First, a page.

Growth is great.
You may be feeling like bigger is better when it comes to competing for contracts, or you could be thinking about the economies of scale that come with an increase in size. Or perhaps your company has just grown organically over time as you pick up more services and you’ve doubled your staff headcount from what you started out with.
So why is scalability something that you should be thinking about?
When they say necessity is the mother of invention, they weren’t kidding. Small companies have a genius for finding ways to get things done and keep operations running despite a lack of resources or funds. However, as your company grows, many of the workaround measures and manual practices that used to be manageable as a small business become unsustainable with time. The processes that used to save you money will start to cost you time and efficiency.
How will you know when it’s time to take action?
If you take a step back from day-to-day operations and think critically of the way your staff does things, are they doing in a time-consuming way for no reason other than “we’ve always done it this way”?
Is there any admin task that requires a disproportionately large number of people handling it before it can be completed?
Are you seeing errors caused by a dependency on repeated data entry by different people into different systems?
And most importantly, is there any process that is bearable right now in terms of difficulty and time to perform but which is going to be unmanageable if you add on more buses, drivers or services?
If any of the above apply to you, you need to consider making a change sooner rather than later to make your company more scalable.
Case in point: Sapphire Coast Buslines
Sapphire Coast Buslines (SCB), formerly known as Deane’s Buslines South Coast, is a family-owned bus operator in New South Wales. Like most small businesses, SCB was reliant on manual processes and kept paper records. This state of affairs was tolerable at first, but as the company grew it became clear that they were reaching a crisis point.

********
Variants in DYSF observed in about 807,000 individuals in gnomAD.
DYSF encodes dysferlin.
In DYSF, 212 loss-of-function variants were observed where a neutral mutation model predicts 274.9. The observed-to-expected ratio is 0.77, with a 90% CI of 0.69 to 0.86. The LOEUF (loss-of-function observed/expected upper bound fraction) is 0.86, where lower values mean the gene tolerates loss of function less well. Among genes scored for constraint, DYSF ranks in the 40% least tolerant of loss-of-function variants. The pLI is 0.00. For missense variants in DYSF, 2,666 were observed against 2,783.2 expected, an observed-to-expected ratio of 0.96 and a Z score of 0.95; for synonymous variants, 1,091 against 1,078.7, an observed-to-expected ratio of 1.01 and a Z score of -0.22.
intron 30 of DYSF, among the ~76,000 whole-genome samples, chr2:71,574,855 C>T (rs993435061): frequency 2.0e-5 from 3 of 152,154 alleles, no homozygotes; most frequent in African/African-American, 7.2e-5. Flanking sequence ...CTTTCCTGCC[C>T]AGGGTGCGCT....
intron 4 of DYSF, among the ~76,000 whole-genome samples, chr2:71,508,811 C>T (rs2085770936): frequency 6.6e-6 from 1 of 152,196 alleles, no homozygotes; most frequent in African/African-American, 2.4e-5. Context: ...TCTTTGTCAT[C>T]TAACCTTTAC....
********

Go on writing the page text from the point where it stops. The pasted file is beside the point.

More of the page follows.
“Because everything was done manually, we would miss charters, miss shift and bus changeovers, miss things on the road or forget about staff leave requests,” said SCB Managing Director Jamie Klemm (pictured), a second-generation bus industry veteran.
“We were just hanging in there at the size that we were. We knew that if we wanted to get any bigger, we needed to change the system. It wasn’t sustainable.”
What can you do if you need to act?
If you’ve spotted some inefficiencies or found an unsustainable practice within your company, you will need to study the process and work out where things are falling over. Once you have worked out the source of the problem, finding the right solution will become much easier.
For Jamie and SCB, it was clear that the ability to share information between departments without doubling up or creating extra work was critical for the company’s continued growth. The huge amount of time staff members needed to complete tasks and the process failures caused by manual systems led her to decide an integrated Enterprise Resource Planning (ERP) system that could automate processes and streamline record-keeping was the right solution for SCB.
“As soon as I did the financial case study of what we would gain with an integrated operations management system, it was a no-brainer,” said Jamie.
“If you’re doing things manually, your data entry is just way too hard. Your error rates will be so much higher than you realise it is – you won’t even know half the errors you’re making.
“If you’ve got an integrated system, it will cut all of that down and give you time to work on your business instead of in your business.”
What are the results?
SCB began experiencing the benefits of using Trapeze’s bus-specific ERP system almost immediately after it was installed. Jamie said,
“The biggest win was knowing that our data was more accurate. We were able to meet our KPIs more efficiently, avoid fines and save costs with Trapeze.”
Thanks to the scalable nature of Trapeze’s ERP solution, SCB has grown its fleet by 50% without incurring significant administration overheads. The company also saved $30,000 a year in administrative costs following the solution’s implementation.
To find out how Sapphire Coast Buslines grew by 50% without incurring significant administrative costs, read the full case study.
Article written by Trapeze; Originally published in QBIC News, issue March 2017.